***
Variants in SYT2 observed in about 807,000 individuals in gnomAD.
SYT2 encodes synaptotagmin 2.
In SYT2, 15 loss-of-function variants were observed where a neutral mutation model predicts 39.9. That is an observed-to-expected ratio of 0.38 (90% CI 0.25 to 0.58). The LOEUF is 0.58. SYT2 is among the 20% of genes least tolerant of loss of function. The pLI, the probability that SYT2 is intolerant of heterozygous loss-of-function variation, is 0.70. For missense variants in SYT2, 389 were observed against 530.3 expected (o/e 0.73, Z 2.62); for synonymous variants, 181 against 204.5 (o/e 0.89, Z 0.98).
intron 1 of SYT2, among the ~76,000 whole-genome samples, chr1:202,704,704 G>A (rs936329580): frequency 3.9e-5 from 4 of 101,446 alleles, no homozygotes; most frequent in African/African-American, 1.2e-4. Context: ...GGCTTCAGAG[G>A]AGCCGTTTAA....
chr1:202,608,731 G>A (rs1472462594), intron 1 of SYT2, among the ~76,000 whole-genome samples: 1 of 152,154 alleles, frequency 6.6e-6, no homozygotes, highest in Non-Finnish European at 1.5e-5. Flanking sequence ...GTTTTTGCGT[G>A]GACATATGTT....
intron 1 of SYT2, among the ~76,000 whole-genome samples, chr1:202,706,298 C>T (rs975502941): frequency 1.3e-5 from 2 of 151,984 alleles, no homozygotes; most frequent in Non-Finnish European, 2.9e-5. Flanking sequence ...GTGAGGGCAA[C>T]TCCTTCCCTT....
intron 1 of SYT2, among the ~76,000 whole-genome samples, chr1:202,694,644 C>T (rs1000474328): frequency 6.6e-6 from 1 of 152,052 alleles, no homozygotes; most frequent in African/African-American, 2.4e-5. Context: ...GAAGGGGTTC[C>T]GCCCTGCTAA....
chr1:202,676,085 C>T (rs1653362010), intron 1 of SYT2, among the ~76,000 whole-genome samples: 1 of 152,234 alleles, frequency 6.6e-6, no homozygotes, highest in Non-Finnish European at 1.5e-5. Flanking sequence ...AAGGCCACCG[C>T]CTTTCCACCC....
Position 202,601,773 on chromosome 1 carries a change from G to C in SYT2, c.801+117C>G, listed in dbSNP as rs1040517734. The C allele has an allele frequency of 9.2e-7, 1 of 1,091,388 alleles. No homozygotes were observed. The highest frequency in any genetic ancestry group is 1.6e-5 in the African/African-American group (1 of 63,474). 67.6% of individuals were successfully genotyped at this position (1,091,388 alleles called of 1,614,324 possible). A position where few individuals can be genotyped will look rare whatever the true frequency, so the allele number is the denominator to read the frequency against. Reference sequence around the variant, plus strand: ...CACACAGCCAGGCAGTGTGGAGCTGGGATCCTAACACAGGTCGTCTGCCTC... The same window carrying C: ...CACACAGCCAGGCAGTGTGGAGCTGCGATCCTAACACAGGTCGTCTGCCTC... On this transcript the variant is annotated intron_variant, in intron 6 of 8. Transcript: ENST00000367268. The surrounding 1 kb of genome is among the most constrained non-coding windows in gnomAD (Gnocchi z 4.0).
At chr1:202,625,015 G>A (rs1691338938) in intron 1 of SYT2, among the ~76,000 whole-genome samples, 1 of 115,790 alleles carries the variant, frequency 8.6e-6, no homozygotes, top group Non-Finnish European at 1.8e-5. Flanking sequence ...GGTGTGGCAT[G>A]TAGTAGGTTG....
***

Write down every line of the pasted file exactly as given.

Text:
Variants in SYT2 observed in about 807,000 individuals in gnomAD.
SYT2 encodes synaptotagmin 2.
In SYT2, 15 loss-of-function variants were observed where a neutral mutation model predicts 39.9. That is an observed-to-expected ratio of 0.38 (90% CI 0.25 to 0.58). The LOEUF is 0.58. SYT2 is among the 20% of genes least tolerant of loss of function. The pLI, the probability that SYT2 is intolerant of heterozygous loss-of-function variation, is 0.70. For missense variants in SYT2, 389 were observed against 530.3 expected (o/e 0.73, Z 2.62); for synonymous variants, 181 against 204.5 (o/e 0.89, Z 0.98).
intron 1 of SYT2, among the ~76,000 whole-genome samples, chr1:202,704,704 G>A (rs936329580): frequency 3.9e-5 from 4 of 101,446 alleles, no homozygotes; most frequent in African/African-American, 1.2e-4. Context: ...GGCTTCAGAG[G>A]AGCCGTTTAA....
chr1:202,608,731 G>A (rs1472462594), intron 1 of SYT2, among the ~76,000 whole-genome samples: 1 of 152,154 alleles, frequency 6.6e-6, no homozygotes, highest in Non-Finnish European at 1.5e-5. Flanking sequence ...GTTTTTGCGT[G>A]GACATATGTT....
intron 1 of SYT2, among the ~76,000 whole-genome samples, chr1:202,706,298 C>T (rs975502941): frequency 1.3e-5 from 2 of 151,984 alleles, no homozygotes; most frequent in Non-Finnish European, 2.9e-5. Flanking sequence ...GTGAGGGCAA[C>T]TCCTTCCCTT....
intron 1 of SYT2, among the ~76,000 whole-genome samples, chr1:202,694,644 C>T (rs1000474328): frequency 6.6e-6 from 1 of 152,052 alleles, no homozygotes; most frequent in African/African-American, 2.4e-5. Context: ...GAAGGGGTTC[C>T]GCCCTGCTAA....
chr1:202,676,085 C>T (rs1653362010), intron 1 of SYT2, among the ~76,000 whole-genome samples: 1 of 152,234 alleles, frequency 6.6e-6, no homozygotes, highest in Non-Finnish European at 1.5e-5. Flanking sequence ...AAGGCCACCG[C>T]CTTTCCACCC....
Position 202,601,773 on chromosome 1 carries a change from G to C in SYT2, c.801+117C>G, listed in dbSNP as rs1040517734. The C allele has an allele frequency of 9.2e-7, 1 of 1,091,388 alleles. No homozygotes were observed. The highest frequency in any genetic ancestry group is 1.6e-5 in the African/African-American group (1 of 63,474). 67.6% of individuals were successfully genotyped at this position (1,091,388 alleles called of 1,614,324 possible). A position where few individuals can be genotyped will look rare whatever the true frequency, so the allele number is the denominator to read the frequency against. Reference sequence around the variant, plus strand: ...CACACAGCCAGGCAGTGTGGAGCTGGGATCCTAACACAGGTCGTCTGCCTC... The same window carrying C: ...CACACAGCCAGGCAGTGTGGAGCTGCGATCCTAACACAGGTCGTCTGCCTC... On this transcript the variant is annotated intron_variant, in intron 6 of 8. Transcript: ENST00000367268. The surrounding 1 kb of genome is among the most constrained non-coding windows in gnomAD (Gnocchi z 4.0).
At chr1:202,625,015 G>A (rs1691338938) in intron 1 of SYT2, among the ~76,000 whole-genome samples, 1 of 115,790 alleles carries the variant, frequency 8.6e-6, no homozygotes, top group Non-Finnish European at 1.8e-5. Flanking sequence ...GGTGTGGCAT[G>A]TAGTAGGTTG....